It’s been four years in the making with 400 hours of exquisite footage. On March 3, World Wildlife Day, this labour of love Wild Karnataka, a spectacular hour-long film was released, leaving many awestruck by its brilliant captures. It opens up a world of wildlife and bio diversity that Karnataka has to offer, and gives one peeks into the rich habitats and fauna of our land. It’s surreal in that it looks like the Amazon rain forest in some shots! The fact that the film makers collaborated with the forest department opened up new untouched, unexplored and unknown vistas for the artistic lens.
The motley crew came together under the dedicated eagle eyes of award-winning wildlife photographers and film-makers Amoghavarsha JS and Kalyan Varma. It’s been narrated by renowned wildlife historian and legend Sir David Attenborough, a compelling feat in itself! And with it, the beauty of Karnataka, and India is put on the global map.
This beautiful film encapsulates a land that has nurtured a plethora of wildlife, and many bio diverse characteristics. The crew calls it a 4K Blue Chip nature film. Accomplished and ingenious, it is on par with international wildlife documentaries.
Adding to their wealth of experience was Vijay Mohan Raj, an IFS officer, who is chief conservator of forests, and experienced naturalist Sarath Champati. “We went from the Western Ghats to the rain forests to the arid regions, with a massive collaboration with the forest department. We unearthed wildlife that people are not aware of. There will be two versions of the film, the English version which will either be on streaming sites or on broadcast media, and the Kannada version which we hope to screen at schools, colleges and road shows to spread awareness about a bio diverse Karnataka,” explains Amoghavarsha who left his career as a software engineer to follow his passion, and has earlier worked with National Geographic and BBC.
His work on climate change was showcased at the United Nations Climate Change Conference (Paris) and at the UN general assembly (New York) amidst world leaders. His eye for detail can be seen in the beautiful captures. “I would say that every sequence is new, or has been shot in a way that has never been done before. What will surprise people is the richness of our state. For instance, we have such beautiful coral reefs, and I am thankful we could film such lesser known equally beautiful aspects of the state. Even the arid and dry regions like Hampi have such abundant bio diversity.”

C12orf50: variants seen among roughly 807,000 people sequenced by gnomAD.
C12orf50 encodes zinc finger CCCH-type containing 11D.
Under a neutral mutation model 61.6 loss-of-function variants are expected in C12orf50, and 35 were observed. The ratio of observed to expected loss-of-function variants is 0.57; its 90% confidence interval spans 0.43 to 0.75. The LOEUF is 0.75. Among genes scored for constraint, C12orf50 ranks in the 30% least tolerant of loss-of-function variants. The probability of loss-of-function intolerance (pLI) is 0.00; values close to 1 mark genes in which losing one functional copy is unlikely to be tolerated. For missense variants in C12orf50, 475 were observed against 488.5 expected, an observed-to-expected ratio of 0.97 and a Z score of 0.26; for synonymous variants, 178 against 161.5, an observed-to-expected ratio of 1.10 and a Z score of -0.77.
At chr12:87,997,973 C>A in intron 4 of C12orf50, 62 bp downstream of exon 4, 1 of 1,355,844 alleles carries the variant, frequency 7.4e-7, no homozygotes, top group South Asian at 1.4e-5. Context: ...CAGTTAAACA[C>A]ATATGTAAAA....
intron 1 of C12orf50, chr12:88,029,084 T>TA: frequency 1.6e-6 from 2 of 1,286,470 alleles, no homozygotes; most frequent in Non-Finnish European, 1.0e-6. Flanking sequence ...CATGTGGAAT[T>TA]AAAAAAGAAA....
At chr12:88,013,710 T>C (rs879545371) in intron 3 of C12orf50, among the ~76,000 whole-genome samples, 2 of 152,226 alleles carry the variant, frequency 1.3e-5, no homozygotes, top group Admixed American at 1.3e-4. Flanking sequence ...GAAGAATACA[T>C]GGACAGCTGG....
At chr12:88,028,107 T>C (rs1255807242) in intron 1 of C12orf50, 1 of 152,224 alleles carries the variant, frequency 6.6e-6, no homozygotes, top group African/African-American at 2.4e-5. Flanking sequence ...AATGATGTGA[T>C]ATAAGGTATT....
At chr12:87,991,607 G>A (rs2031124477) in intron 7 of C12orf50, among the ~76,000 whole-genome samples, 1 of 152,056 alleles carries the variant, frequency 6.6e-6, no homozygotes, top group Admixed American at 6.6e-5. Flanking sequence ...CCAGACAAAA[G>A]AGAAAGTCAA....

For Kalyan Varma, it was a fruition of a dream. The recipient of BBC Wildlife Photographer of the Year Award and Carl Ziess Wildlife Conservation Award reveals that the focus was to highlight different habitats in Karnataka, and lesser known species. “Everyone knows that we have tigers, leopards and elephants (which are also shown in the film), yet we wanted to go beyond that, to focus on the other animals and species. We spent a day with David Attenborough in London, and even at 93 years of age, he has the enthusiasm of a 10-year-old. It was amazing as I got into wildlife 20 years ago, inspired by his work so it was a dream come true,” says Kalyan Varma who is going to take a breather after this intense four year project and then move on to a wildlife project for Netflix, and another one with Sir David Attenborough for BBC.
If the Wild Karnataka visuals are a revelation, the music too resonates with its classical strains and fusion courtesy Grammy award-winner Ricky Kej. Welcome notes of fusion, raagas with gentle thaka-din-dins spring the creatures into action, as the crew unobtrusively shot images that are breathtaking — a monkey climbing up a rock tail high up in the air, a swan in flight, a tiger prowling in the thick forest, a leopard clawing its way onto a bark, the fury of a waterfall or the gentle rise and wall of a frog’s breath. “I have dedicated my life and music to raising environmental consciousness and hence, composing music for this epic masterpiece made by the best film makers in the world... with the legend himself Sir David Attenborough narrating it felt like the perfect fit. I am extremely fortunate and privileged that the team trusted me with their vision and gave me a free hand to sonically represent Wild Karnataka. This one is really close to my heart.”
IFS officer Vijay Mohan Raj, knew the lay of the land. Naturalist Sarath Champati who has earlier travelled across seven continents to study bio diversity and an able team (Amogh and Kalyan had 20-odd film makers on board), this is the first time such an international quality film has been made, and in the words of the Kalyan, it “celebrates wildlife and diversity in Karnataka.” Brilliant, and exceptional, prepare to be wowed....